BAGADILICO

Faculty of Medicine | Lund University

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BAGADILICO – Excellence in Parkinson and Huntington Research

Parkinson’s disease and Huntington’s disease are caused by the death of nerve cells in the part of the brain called basal ganglia.

Our goal is to develop and improve treatments for the diseases and to improve quality of life for patients and their families.

News

Is it possible to convert a patient’s own skin cells into functioning nerve cells? Or insert healthy genes to reprogram the cells of a damaged brain? Stem cell researcher Malin Parmar at Lund University in Sweden is studying these types of issues, in close collaboration with clinical researchers. She is now awarded a prize of SEK 100 000 from the Eric K. Fernström Foundation for her work.

A group of about 40 Parkinson´s patients and family members got to experience a captivating study visit at BMC on September 7th. The event was organised by Bagadilico, under the leadership of Professor Angela Cenci Nilsson. Read more about the event on Parkinson Skåne´s website (in Swedish).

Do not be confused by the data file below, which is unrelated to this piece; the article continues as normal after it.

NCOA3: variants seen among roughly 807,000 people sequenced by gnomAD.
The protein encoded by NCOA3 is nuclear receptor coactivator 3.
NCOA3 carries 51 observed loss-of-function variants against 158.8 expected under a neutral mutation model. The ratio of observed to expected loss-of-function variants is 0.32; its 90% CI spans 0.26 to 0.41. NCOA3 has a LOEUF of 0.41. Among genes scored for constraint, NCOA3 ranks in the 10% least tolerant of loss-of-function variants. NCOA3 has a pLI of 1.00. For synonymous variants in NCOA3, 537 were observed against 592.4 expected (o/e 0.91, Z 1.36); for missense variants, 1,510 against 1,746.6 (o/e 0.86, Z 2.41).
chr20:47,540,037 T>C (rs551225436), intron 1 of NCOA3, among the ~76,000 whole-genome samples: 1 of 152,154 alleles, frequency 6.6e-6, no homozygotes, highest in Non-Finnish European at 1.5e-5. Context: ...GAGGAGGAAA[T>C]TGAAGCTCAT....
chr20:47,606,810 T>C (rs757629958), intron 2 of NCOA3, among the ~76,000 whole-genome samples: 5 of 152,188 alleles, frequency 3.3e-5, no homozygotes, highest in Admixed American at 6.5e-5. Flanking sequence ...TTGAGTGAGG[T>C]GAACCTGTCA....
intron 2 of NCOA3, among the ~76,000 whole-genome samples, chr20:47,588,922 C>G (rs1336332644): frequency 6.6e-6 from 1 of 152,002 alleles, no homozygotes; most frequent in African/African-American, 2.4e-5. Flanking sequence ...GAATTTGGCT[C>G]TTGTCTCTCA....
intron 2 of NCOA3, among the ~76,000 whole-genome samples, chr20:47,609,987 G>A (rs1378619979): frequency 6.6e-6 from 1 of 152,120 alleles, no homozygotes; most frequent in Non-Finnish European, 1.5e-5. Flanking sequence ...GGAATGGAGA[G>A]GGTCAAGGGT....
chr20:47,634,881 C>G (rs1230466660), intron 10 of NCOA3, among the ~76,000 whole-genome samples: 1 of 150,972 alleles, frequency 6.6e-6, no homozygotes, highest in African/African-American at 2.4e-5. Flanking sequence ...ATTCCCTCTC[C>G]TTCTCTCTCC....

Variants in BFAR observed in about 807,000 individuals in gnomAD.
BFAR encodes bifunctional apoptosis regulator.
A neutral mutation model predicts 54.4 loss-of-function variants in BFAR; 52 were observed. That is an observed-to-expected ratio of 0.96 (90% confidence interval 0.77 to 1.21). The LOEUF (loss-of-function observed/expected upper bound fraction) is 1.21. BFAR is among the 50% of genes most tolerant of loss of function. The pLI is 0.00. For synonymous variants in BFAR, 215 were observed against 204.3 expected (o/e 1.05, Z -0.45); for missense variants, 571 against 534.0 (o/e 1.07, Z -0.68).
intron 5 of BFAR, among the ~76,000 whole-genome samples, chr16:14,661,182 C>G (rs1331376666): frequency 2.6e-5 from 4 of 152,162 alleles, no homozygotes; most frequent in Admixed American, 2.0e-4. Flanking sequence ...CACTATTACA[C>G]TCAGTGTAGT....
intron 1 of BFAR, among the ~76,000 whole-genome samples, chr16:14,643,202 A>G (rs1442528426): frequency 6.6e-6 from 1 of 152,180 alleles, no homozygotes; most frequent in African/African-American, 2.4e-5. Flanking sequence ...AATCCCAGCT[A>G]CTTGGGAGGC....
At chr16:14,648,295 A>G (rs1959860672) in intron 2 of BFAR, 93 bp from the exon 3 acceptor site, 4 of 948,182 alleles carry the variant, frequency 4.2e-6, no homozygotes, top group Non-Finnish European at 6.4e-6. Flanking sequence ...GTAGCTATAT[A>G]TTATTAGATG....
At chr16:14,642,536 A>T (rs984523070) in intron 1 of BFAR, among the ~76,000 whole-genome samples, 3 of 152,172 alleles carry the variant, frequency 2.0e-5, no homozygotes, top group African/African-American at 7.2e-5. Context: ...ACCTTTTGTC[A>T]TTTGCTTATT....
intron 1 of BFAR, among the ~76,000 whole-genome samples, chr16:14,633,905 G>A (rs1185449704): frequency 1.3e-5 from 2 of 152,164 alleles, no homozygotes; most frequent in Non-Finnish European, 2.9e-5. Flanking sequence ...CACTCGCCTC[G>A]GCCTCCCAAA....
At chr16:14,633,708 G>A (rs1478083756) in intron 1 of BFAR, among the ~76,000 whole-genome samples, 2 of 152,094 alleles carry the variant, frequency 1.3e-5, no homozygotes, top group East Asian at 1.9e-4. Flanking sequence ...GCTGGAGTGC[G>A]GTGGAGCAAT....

On September 7th, BAGDILICO invites the patient organisation Parkinson Skåne to a half-day study visit at the Biomedical Center (BMC). The event is organised by researchers associated with BAGADILICO and will consist of a series of short presentations, followed by guided tours to several research labs at BMC.

Researchers at Lund University have used a completely new preclinical technique and analysis of tissue from patients to show exactly what happens when certain patients with Parkinson’s disease are restored as a result of nerve cell transplants. They have also identified what makes many of the transplant patients develop serious side effects in the form of involuntary movements.

In the late 1980s and over the 1990s, researchers at Lund University in Sweden pioneered the transplantation of new nerve cells into the brains of patients with Parkinson’s disease. The outcomes proved for the first time that transplanted nerve cells can survive and function in the diseased human brain. Some patients showed marked improvement after the transplantation while others showed moderate or no relief of symptoms. A small number of patients suffered unwanted side-effects in the form of involuntary movements.

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